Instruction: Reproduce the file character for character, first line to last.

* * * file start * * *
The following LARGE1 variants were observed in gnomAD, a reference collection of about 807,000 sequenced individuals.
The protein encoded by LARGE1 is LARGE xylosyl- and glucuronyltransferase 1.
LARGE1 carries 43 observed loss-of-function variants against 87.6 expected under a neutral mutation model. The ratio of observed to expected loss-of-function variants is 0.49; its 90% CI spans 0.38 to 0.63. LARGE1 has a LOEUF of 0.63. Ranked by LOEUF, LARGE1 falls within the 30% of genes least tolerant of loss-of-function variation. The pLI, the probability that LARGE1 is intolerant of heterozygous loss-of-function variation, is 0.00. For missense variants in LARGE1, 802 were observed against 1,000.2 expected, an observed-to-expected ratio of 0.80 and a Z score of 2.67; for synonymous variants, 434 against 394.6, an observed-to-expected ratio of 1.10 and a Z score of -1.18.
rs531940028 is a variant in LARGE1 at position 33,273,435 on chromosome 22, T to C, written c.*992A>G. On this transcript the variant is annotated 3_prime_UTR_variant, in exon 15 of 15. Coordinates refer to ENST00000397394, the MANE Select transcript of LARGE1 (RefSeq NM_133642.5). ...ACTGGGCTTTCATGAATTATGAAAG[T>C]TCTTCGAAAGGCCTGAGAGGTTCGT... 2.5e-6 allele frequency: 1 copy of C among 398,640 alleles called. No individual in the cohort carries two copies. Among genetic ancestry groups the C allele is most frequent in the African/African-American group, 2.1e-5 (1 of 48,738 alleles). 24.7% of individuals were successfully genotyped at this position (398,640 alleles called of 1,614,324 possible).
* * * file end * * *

The following LARGE1 variants were observed in gnomAD, a reference collection of about 807,000 sequenced individuals.
The protein encoded by LARGE1 is LARGE xylosyl- and glucuronyltransferase 1.
LARGE1 carries 43 observed loss-of-function variants against 87.6 expected under a neutral mutation model. The ratio of observed to expected loss-of-function variants is 0.49; its 90% CI spans 0.38 to 0.63. LARGE1 has a LOEUF of 0.63. Ranked by LOEUF, LARGE1 falls within the 30% of genes least tolerant of loss-of-function variation. The pLI, the probability that LARGE1 is intolerant of heterozygous loss-of-function variation, is 0.00. For missense variants in LARGE1, 802 were observed against 1,000.2 expected, an observed-to-expected ratio of 0.80 and a Z score of 2.67; for synonymous variants, 434 against 394.6, an observed-to-expected ratio of 1.10 and a Z score of -1.18.
rs531940028 is a variant in LARGE1 at position 33,273,435 on chromosome 22, T to C, written c.*992A>G. On this transcript the variant is annotated 3_prime_UTR_variant, in exon 15 of 15. Coordinates refer to ENST00000397394, the MANE Select transcript of LARGE1 (RefSeq NM_133642.5). ...ACTGGGCTTTCATGAATTATGAAAG[T>C]TCTTCGAAAGGCCTGAGAGGTTCGT... 2.5e-6 allele frequency: 1 copy of C among 398,640 alleles called. No individual in the cohort carries two copies. Among genetic ancestry groups the C allele is most frequent in the African/African-American group, 2.1e-5 (1 of 48,738 alleles). 24.7% of individuals were successfully genotyped at this position (398,640 alleles called of 1,614,324 possible).